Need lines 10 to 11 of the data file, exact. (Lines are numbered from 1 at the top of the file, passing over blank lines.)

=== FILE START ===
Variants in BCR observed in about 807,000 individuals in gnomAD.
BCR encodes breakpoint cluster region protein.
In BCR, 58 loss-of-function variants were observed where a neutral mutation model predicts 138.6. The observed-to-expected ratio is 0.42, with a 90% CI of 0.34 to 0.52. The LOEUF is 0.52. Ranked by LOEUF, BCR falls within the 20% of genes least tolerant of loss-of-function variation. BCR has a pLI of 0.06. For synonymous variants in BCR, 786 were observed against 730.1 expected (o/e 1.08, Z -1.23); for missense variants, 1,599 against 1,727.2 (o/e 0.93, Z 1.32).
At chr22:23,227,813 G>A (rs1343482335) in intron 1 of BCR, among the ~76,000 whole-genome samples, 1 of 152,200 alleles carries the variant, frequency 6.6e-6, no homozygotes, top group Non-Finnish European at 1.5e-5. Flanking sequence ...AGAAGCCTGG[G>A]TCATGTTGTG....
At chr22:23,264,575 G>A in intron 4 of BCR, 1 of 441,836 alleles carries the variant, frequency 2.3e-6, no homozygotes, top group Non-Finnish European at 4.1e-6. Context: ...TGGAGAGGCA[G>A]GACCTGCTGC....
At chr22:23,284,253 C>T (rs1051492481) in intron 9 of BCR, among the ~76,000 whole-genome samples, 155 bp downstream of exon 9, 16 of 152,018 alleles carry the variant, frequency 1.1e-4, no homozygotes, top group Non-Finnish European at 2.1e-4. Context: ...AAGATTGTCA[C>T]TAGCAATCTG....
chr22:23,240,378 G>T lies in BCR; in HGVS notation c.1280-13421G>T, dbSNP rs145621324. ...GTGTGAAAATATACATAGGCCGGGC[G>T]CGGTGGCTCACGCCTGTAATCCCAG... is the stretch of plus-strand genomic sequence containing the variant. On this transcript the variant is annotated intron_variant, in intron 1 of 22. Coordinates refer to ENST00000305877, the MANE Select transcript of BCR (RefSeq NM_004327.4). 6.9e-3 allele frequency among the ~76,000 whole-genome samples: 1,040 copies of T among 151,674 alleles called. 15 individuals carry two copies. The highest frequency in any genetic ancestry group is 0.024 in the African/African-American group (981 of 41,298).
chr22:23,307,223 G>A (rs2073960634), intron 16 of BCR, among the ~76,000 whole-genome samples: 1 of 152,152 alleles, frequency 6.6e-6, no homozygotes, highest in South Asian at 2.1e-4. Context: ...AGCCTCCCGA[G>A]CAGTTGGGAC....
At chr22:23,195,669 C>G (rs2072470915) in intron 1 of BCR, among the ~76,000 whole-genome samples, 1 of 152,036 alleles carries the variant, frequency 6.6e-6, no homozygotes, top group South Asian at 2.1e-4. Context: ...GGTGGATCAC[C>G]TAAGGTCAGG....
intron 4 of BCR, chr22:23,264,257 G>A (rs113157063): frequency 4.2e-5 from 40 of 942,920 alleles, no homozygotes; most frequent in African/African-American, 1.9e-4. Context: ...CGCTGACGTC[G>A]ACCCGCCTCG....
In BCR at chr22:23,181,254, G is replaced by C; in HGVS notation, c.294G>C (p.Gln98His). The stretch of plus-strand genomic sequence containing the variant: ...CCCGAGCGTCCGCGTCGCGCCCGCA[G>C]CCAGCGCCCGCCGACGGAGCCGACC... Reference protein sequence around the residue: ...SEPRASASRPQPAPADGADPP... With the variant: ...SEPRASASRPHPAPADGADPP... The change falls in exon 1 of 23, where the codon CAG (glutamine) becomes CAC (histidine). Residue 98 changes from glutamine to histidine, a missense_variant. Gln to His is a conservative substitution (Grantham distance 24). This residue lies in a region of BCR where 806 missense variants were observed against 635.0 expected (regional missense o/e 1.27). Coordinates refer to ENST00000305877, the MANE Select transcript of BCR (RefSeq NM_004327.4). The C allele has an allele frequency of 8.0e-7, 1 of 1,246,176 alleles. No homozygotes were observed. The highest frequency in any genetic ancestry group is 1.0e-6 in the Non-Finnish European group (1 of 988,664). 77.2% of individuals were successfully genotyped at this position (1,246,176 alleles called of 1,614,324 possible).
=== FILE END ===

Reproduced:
intron 4 of BCR, chr22:23,264,257 G>A (rs113157063): frequency 4.2e-5 from 40 of 942,920 alleles, no homozygotes; most frequent in African/African-American, 1.9e-4. Context: ...CGCTGACGTC[G>A]ACCCGCCTCG....
In BCR at chr22:23,181,254, G is replaced by C; in HGVS notation, c.294G>C (p.Gln98His). The stretch of plus-strand genomic sequence containing the variant: ...CCCGAGCGTCCGCGTCGCGCCCGCA[G>C]CCAGCGCCCGCCGACGGAGCCGACC... Reference protein sequence around the residue: ...SEPRASASRPQPAPADGADPP... With the variant: ...SEPRASASRPHPAPADGADPP... The change falls in exon 1 of 23, where the codon CAG (glutamine) becomes CAC (histidine). Residue 98 changes from glutamine to histidine, a missense_variant. Gln to His is a conservative substitution (Grantham distance 24). This residue lies in a region of BCR where 806 missense variants were observed against 635.0 expected (regional missense o/e 1.27). Coordinates refer to ENST00000305877, the MANE Select transcript of BCR (RefSeq NM_004327.4). The C allele has an allele frequency of 8.0e-7, 1 of 1,246,176 alleles. No homozygotes were observed. The highest frequency in any genetic ancestry group is 1.0e-6 in the Non-Finnish European group (1 of 988,664). 77.2% of individuals were successfully genotyped at this position (1,246,176 alleles called of 1,614,324 possible).